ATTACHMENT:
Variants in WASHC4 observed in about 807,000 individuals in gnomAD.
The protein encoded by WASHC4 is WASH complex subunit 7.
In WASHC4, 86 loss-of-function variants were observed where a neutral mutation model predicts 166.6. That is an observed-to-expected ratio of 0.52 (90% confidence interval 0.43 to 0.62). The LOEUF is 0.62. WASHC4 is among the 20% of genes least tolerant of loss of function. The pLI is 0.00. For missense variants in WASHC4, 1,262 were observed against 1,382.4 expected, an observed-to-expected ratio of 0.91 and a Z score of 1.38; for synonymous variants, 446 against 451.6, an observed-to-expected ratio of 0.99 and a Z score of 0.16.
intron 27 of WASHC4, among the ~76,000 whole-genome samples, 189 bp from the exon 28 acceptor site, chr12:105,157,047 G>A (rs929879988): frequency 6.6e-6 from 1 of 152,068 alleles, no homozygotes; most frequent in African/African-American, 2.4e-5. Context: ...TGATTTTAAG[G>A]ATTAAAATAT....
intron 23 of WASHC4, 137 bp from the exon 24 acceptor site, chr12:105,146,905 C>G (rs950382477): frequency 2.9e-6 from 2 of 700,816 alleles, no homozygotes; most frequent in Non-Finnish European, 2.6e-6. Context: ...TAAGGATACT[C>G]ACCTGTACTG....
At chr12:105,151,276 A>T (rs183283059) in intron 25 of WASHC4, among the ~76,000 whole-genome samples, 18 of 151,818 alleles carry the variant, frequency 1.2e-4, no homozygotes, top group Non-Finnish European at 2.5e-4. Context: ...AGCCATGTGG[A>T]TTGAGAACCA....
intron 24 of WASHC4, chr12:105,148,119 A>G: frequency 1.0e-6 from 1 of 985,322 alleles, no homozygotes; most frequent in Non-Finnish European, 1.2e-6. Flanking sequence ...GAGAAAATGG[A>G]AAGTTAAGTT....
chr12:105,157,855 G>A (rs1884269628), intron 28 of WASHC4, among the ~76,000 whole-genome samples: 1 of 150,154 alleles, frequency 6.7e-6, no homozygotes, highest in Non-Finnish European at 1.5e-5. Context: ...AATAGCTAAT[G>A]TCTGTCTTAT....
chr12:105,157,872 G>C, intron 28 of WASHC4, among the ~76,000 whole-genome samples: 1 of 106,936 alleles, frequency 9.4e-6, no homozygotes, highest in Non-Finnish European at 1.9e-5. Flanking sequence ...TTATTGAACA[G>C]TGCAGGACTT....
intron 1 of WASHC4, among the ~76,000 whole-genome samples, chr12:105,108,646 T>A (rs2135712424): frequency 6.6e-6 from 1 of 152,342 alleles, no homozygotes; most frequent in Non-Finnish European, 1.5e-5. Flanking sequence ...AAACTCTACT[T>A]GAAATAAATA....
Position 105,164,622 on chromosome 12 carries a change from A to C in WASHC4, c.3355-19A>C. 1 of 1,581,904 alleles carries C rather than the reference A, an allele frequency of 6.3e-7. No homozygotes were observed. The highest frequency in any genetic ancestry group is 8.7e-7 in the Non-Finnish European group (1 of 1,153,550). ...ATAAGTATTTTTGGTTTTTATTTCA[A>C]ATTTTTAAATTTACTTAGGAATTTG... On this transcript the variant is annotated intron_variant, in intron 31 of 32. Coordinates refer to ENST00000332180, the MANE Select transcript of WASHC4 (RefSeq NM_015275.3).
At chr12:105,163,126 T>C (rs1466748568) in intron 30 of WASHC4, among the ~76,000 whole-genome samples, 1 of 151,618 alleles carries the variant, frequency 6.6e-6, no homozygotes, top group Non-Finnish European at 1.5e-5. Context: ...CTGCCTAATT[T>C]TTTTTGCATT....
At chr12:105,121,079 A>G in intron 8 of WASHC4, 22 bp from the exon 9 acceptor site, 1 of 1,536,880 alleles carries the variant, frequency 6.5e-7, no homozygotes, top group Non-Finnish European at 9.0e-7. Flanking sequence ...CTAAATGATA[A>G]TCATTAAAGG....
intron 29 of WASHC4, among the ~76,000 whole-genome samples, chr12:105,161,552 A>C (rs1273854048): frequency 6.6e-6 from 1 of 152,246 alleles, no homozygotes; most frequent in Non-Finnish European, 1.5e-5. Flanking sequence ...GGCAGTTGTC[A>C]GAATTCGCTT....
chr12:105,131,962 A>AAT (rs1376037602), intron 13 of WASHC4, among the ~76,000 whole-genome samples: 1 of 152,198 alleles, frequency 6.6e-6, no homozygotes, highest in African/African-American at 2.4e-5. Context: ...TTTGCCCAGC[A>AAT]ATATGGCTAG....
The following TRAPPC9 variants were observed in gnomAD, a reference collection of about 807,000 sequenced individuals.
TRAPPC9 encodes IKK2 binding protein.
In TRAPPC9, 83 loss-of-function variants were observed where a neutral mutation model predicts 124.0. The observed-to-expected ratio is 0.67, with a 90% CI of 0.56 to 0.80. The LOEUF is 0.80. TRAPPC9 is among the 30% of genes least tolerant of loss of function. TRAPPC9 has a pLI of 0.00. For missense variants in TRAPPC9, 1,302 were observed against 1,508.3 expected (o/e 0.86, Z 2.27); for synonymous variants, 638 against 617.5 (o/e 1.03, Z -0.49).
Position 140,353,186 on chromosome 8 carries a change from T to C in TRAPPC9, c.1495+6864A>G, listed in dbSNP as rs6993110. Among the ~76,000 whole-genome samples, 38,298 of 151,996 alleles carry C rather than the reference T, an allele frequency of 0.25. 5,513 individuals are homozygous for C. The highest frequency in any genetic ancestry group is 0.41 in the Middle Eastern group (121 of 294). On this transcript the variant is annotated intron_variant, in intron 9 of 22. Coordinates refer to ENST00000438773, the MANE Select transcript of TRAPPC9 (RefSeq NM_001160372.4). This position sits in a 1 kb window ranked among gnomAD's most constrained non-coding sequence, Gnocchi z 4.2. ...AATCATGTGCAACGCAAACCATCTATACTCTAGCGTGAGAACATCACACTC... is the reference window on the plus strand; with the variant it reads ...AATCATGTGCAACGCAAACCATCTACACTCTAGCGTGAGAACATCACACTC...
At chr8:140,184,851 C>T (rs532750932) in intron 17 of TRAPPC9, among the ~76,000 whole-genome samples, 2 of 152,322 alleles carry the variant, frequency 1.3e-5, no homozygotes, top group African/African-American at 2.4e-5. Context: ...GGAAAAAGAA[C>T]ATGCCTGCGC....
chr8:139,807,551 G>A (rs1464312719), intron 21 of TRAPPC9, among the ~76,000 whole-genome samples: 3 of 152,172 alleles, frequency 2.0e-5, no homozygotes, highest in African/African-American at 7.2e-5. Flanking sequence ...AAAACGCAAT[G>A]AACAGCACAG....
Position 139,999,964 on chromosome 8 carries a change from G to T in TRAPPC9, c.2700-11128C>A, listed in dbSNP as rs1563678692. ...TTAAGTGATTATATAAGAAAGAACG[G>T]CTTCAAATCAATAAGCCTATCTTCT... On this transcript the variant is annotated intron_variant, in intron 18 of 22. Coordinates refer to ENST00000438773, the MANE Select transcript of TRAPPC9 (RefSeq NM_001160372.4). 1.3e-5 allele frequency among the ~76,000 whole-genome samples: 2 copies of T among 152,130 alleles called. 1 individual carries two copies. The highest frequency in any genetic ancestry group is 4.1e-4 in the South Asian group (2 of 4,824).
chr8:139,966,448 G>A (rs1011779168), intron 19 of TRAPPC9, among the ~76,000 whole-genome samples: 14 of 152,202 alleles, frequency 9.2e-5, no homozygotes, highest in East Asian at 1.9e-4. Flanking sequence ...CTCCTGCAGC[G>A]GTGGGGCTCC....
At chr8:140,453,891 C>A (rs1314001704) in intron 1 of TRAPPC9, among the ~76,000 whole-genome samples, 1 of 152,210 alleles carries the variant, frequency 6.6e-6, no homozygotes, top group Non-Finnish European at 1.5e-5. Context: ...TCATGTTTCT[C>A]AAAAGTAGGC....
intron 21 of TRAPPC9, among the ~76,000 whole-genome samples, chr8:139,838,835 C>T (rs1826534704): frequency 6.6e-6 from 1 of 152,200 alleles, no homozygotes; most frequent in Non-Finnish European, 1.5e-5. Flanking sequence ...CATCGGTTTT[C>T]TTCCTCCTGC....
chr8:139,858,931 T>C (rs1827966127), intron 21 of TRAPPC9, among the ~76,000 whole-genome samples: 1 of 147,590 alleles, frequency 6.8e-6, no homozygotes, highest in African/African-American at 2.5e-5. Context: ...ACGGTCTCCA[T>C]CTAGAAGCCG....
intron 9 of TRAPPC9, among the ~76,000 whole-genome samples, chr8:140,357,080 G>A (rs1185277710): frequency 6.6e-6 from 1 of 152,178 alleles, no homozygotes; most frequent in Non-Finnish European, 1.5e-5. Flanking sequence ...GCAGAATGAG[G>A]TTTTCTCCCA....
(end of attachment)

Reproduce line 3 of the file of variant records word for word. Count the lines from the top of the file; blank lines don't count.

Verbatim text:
In WASHC4, 86 loss-of-function variants were observed where a neutral mutation model predicts 166.6. That is an observed-to-expected ratio of 0.52 (90% confidence interval 0.43 to 0.62). The LOEUF is 0.62. WASHC4 is among the 20% of genes least tolerant of loss of function. The pLI is 0.00. For missense variants in WASHC4, 1,262 were observed against 1,382.4 expected, an observed-to-expected ratio of 0.91 and a Z score of 1.38; for synonymous variants, 446 against 451.6, an observed-to-expected ratio of 0.99 and a Z score of 0.16.